The latest government announcement has given primary heads a clear indication that they could be opening their doors to more pupils from 1st June. As restrictions are eased following the COVID-19 lockdown, schools are expecting a phased return of pupils, with Reception, Year 1 and Year 6 being the first to resume onsite lessons.

This is not a return to school as we know it and there will be no one size fits all. Senior leaders know their schools better than anyone and the decisions they make in the coming days and weeks will be the right ones for their pupils, parents and staff. So, what do primary heads need to be thinking about as they shape the new normal for teaching and learning when the school gates open more widely?

What Schools Need to Think About Now

Prioritise Children’s Wellbeing

Many children have been out of the traditional routine of school for some time. They may be fearful of catching the virus from others, anxious about the learning they have missed or grieving after losing loved ones to the pandemic. A focus on children’s wellbeing is the essential first step to enabling learning to take place. Things to think about:

  • Consider deploying a member of staff to be responsible solely for pastoral care. They can work alongside your Designated Safeguarding Lead and Special Educational Needs Coordinator to ensure that children get the help they need to engage in, and progress, with their learning.
  • Look at CPD opportunities for staff coming back to school to help them prepare for changes – you may need to redefine roles and responsibilities in the weeks and months ahead.
  • Make sure staff have access to the latest contact information for parents and carers.
Consider a Blended Learning Approach

Social distancing will be a feature in schools as you welcome pupils back, so you might want to introduce a blended approach to learning where teachers plan learning using a mixture of face to face in school, followed up by online work to reinforce learning for pupils at home. So, how could it work?

  • Consider how you can physically accommodate the number of children you will have in school on any one day to manage social distancing requirements
  • Divide children into learning groups – the government’s current recommendation is for a maximum of 15 children in a group – and accommodate them in different classrooms.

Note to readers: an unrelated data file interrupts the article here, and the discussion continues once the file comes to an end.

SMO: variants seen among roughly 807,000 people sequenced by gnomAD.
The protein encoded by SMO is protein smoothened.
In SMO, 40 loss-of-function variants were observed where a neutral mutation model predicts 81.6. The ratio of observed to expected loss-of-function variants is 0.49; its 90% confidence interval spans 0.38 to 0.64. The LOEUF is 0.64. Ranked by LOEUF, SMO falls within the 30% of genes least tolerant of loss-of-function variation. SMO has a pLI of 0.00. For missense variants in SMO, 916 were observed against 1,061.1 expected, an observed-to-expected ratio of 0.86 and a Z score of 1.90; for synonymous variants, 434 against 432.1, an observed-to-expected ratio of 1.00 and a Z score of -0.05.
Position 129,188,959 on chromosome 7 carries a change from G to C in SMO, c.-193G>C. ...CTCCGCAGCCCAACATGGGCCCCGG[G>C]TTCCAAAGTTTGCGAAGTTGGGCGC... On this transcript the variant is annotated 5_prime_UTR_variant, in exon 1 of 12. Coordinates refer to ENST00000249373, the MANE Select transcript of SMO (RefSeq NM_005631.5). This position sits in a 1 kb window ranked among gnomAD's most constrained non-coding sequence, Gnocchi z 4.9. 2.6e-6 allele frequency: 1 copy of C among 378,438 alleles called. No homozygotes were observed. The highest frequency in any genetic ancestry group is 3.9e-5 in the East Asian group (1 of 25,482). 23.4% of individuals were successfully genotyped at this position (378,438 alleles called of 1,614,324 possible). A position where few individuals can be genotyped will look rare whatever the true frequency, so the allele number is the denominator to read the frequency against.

• Plan your staffing – you will need teachers available to support pupils once they return to the classroom.
  • If you have vulnerable staff who cannot come into school, could you utilise them in supporting those pupils who are learning at home on the days they are not in school, or if they are unable to return for whatever reason?
Plan Changes to The School Day

It will be necessary to minimise contact between staff and parents/carers and maximise learning time for pupils. So, you could:

  • Allocate a meeting place outside the school gates where teachers can escort the children into and out of school, adhering to the latest guidance on social distancing. Factor in additional time for pupil transfers to take place in a calm and orderly way.
  • Reprioritise curriculum goals by defining what should be learned during the lockdown period and adjusting for a blended delivery – focus on the most critical elements of the curriculum and simplified lesson plans that can be supported easily by parents.
  • Start planning the policies you will need to put in place to manage social distancing, meal and play times. You will need time to communicate these to staff and parents in advance of the school gates opening. Liaise with governors on changes that have budgetary implications.

What Schools Need To Think About Next

Communicate With Parents

There will be some parents who are concerned about sending their children back to school and many will have questions, so plan your communications strategy. Things to think about:

  • Parents will want to know when their child will be returning to school and what they can continue to do at home to support their learning, so provide clear and timely guidance on this.
  • Let parents know what steps they should take if their child or a member of their household develops Coronavirus symptoms. This will reduce the number of calls coming into the school office and enable staff to focus more of their time on teaching and learning.
  • Plan a regular progress update for parents – they will be concerned about their child and how they are doing in school.

For The Longer-Term

Once you’ve established a successful home learning programme, why not keep it going? In the event that we see a spike in Coronavirus cases or the return to a more restricted lockdown, your school will be in a stronger position to provide the continuity pupils need to progress in their learning.

Schools across the country have shown great creativity in their response to this crisis, which underlines the commitment the sector has to doing the very best for each and every child, no matter the circumstances.

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Kathryn Day

Kathryn Day

After leaving behind careers in the wine trade and archaeology, Kathryn Day has worked in various education roles across both primary and secondary for nearly 20 years. She’s been a secondary ICT teacher and subject leader, a local authority computing adviser, a local authority school improvement adviser and a primary school deputy headteacher. Kathryn is Director of Training and Development at Juniper Education.

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